Plans in place for return to classrooms

Vaccine requirements vary; some institutions offer financial incentives

Bethel College tennis coach Gabe Johnson, left, talks to one of his players, Michael Cech, a sophomore from Modlany, Czech Republic, as students move into dorms. — Chase Dempsey/Bethel College Bethel College tennis coach Gabe Johnson, left, talks to one of his players, Michael Cech, a sophomore from Modlany, Czech Republic, as students move into dorms. — Chase Dempsey/Bethel College

Mennonite colleges and universities returning to classrooms this fall are using everything from blanket requirements to cash prizes to encourage students and staff to get COVID-19 vaccinations.

Eastern Mennonite University and Goshen College are requiring all students to be vaccinated — EMU before students arrive on campus, ­Goshen within a week after the U.S. Food and Drug Administration gives full approval. Both will allow students to seek a waiver for medical or religious exemption.

At EMU, proof of vaccination may be a requirement to participate in off-campus experiences such as internships, mentorships and cross-cultural programs. Faculty and staff will not be required to be vaccinated. Everyone is required to wear masks indoors regardless of vaccination status for the first three weeks.

Goshen is not requiring employees to be vaccinated, but those who aren’t must get a weekly test, along with any unvaccinated students who have a medical or religious exemption. Masks will be required for everyone in shared public spaces until 90% of students and employees are vaccinated.

After having online-only instruction all of the last academic year, ­Fresno Pacific University is back to in-person instruction and requiring all residential students and student-athletes to be vaccinated before returning to the main campus.

“Everyone is highly encouraged to be vaccinated,” but religious beliefs and health issues will be respected. The unvaccinated will be required to wear masks, which are required for everyone indoors.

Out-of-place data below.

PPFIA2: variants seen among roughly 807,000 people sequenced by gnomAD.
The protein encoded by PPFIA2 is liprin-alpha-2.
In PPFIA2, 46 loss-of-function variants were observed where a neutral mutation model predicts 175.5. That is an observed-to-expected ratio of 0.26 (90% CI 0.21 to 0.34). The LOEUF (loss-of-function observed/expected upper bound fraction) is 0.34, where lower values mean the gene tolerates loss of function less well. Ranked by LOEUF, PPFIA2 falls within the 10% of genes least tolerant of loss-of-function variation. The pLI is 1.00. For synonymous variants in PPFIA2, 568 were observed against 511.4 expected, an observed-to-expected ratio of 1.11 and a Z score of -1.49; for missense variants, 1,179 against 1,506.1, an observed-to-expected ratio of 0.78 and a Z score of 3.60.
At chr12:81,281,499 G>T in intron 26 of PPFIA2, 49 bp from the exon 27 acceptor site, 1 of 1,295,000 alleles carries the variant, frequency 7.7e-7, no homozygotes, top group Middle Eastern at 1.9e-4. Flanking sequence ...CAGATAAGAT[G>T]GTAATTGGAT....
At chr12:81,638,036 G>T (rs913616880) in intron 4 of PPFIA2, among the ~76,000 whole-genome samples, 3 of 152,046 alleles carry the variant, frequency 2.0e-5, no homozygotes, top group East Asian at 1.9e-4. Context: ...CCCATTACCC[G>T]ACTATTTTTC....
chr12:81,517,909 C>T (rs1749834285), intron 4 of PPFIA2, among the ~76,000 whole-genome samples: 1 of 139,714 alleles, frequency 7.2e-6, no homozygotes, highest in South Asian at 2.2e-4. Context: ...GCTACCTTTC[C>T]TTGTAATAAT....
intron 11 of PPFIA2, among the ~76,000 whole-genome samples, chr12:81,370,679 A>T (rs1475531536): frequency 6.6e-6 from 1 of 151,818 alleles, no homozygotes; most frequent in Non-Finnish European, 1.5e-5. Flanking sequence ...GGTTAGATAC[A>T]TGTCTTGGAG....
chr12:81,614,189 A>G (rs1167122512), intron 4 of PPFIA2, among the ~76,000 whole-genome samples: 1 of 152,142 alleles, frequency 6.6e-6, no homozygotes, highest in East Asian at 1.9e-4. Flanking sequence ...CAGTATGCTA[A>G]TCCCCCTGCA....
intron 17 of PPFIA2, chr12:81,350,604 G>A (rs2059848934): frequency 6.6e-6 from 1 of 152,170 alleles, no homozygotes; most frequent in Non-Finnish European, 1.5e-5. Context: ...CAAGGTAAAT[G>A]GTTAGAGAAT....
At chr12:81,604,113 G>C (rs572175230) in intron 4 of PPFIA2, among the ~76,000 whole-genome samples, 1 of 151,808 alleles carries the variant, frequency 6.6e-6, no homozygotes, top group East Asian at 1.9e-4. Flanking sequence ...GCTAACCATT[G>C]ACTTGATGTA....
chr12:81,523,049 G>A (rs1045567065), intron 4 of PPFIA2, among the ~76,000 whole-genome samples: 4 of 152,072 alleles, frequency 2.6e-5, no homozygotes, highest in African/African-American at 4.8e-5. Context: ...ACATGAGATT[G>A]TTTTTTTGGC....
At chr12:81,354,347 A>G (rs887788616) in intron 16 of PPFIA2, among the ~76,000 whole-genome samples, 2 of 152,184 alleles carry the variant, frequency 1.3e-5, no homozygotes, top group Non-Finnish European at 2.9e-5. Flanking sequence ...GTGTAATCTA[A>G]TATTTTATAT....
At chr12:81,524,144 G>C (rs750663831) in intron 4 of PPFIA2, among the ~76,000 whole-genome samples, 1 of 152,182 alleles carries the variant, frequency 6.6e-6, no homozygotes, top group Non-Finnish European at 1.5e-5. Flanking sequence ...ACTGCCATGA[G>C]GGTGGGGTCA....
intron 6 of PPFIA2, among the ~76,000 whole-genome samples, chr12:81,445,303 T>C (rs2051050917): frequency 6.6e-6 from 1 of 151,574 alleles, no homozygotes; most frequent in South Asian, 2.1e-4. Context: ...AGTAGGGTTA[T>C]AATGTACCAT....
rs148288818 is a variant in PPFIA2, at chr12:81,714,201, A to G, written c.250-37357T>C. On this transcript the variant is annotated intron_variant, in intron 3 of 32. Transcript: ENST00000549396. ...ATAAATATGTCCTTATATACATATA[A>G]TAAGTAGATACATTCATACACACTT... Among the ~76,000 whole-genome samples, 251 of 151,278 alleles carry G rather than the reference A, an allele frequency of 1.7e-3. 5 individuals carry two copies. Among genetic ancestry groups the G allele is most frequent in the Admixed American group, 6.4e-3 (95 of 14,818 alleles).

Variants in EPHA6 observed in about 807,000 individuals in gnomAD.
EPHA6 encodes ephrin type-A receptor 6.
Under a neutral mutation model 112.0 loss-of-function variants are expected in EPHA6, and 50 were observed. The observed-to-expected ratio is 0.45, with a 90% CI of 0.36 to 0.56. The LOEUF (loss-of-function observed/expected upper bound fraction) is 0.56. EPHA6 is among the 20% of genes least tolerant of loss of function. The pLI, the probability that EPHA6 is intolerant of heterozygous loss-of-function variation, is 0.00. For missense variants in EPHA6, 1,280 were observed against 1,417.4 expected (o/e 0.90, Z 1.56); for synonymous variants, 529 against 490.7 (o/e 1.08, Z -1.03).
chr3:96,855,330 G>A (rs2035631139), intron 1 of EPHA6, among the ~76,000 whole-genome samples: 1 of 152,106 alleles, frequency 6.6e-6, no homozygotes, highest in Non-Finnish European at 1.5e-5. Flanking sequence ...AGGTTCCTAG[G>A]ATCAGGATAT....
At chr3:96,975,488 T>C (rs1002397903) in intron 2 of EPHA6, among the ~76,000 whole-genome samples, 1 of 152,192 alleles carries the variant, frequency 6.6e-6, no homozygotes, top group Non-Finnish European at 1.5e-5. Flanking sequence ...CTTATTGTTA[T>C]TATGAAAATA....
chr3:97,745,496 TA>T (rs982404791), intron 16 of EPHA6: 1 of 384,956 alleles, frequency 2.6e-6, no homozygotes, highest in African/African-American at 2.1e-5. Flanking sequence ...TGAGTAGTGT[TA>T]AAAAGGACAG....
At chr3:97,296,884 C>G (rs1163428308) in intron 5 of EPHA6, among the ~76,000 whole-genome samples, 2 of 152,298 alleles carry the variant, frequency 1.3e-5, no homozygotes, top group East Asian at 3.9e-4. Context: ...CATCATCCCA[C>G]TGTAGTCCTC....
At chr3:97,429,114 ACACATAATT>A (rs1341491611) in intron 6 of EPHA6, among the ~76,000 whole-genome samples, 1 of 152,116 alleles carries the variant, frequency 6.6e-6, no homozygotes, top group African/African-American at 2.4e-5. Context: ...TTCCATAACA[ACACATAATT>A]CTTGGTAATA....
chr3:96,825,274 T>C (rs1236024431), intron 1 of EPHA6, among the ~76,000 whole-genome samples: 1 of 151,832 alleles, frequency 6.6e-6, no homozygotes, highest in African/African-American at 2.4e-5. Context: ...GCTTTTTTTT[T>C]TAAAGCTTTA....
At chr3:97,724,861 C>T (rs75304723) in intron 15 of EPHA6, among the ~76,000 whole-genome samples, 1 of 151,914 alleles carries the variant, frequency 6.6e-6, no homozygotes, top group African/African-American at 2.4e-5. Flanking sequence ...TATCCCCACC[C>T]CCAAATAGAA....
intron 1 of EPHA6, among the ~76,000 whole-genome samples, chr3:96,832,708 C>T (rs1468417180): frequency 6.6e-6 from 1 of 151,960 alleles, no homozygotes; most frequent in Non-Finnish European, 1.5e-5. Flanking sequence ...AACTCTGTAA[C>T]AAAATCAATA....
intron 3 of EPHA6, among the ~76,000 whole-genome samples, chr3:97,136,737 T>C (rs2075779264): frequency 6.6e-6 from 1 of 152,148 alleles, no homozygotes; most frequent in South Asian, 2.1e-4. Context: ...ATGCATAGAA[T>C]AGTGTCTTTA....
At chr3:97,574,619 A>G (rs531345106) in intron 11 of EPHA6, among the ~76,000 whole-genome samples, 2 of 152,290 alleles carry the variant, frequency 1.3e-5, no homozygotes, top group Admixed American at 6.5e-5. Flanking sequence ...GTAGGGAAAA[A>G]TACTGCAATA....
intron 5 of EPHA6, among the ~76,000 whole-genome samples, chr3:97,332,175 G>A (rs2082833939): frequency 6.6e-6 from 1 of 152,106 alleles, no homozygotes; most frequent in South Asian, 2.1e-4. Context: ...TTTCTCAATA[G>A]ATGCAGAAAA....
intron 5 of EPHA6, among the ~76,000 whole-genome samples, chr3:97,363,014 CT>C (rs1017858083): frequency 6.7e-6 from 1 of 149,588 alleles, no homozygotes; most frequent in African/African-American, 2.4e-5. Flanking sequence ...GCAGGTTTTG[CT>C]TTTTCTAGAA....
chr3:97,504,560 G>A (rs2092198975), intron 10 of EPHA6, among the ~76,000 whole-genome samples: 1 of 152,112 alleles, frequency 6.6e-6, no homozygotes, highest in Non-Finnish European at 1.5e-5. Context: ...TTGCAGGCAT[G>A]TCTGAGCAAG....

Other institutions are refraining from requirements, turning instead to consequences and incentives.

Bluffton University students and employees are “strongly encouraged to obtain a vaccination,” but this will not be mandated. Because the NCAA is considering weekly testing for athletes who are not vaccinated and for teams that do not have an 85% vaccination rate, any student athlete who chooses not to be vaccinated will pay for their testing costs three times a week.

If an outbreak occurs on campus, unvaccinated students may be required to participate in random testing. No isolation or quarantine spaces will be provided.

Bethel College is not requiring COVID vaccinations but is paying every vaccinated student and employee $250. The funds come from the Higher Education Emergency Relief Fund III, a federal program created in March to ensure learning continues during the pandemic. All vaccinated individuals will be entered in drawings that will award three $1,887 prizes, representing the year the college was founded, Oct. 2 during Fall Festival.

Masks will be required of everyone in indoor groups of 10 or more. Unvaccinated individuals must wear masks as well in smaller groups.

Hesston College is offering a financial incentive, a $20 Amazon gift card for each vaccinated student. Policy requires masks “be worn when in an indoor shared space when in the presence of others.” Quarantined students will pay daily meal-delivery fees, and the college may impose on athletes measures more stringent than dictated by governing bodies.

Tabor College “students and employees are strongly encouraged to be vaccinated,” and two vaccination clinics will be held at the beginning of the semester, but shots are not required. Vaccinated individuals will not have to quarantine if they are exposed to someone with COVID. “A modest dollar amount” will be added to vaccinated students’ accounts for purchases around campus. No physical distancing is planned for classes or in the dining hall, and all events are open to the public with no restrictions.

Canadian Mennonite University is not mandating vaccinations for students and staff, in compliance with Canadian law, but requests all members of its learning community consider being vaccinated as a form of social responsibility and expression of care for others. As of July, a voluntary anonymous survey of staff showed 95% indicated they are vaccinated. (Update: CMU announced Aug. 19 that new understandings of the legal context prompted the university to require all students and staff be vaccinated in order to be on campus this fall.)

CMU anticipates holding 90% of classes in-person, with 10% online, along with some hybrid extensions of classes for students who cannot attend for COVID-related reasons.

Conrad Grebel University College is supporting advocacy efforts to Ontario’s provincial government to make vaccination mandatory for anyone studying or working at post-secondary institutions. Grebel is requiring vaccination to live in its residences. Anonymous declaration of vaccination status will be required to be on campus. This data will be used to plan health and safety strategies.

Tim Huber

Tim Huber is associate editor at Anabaptist World. Read More

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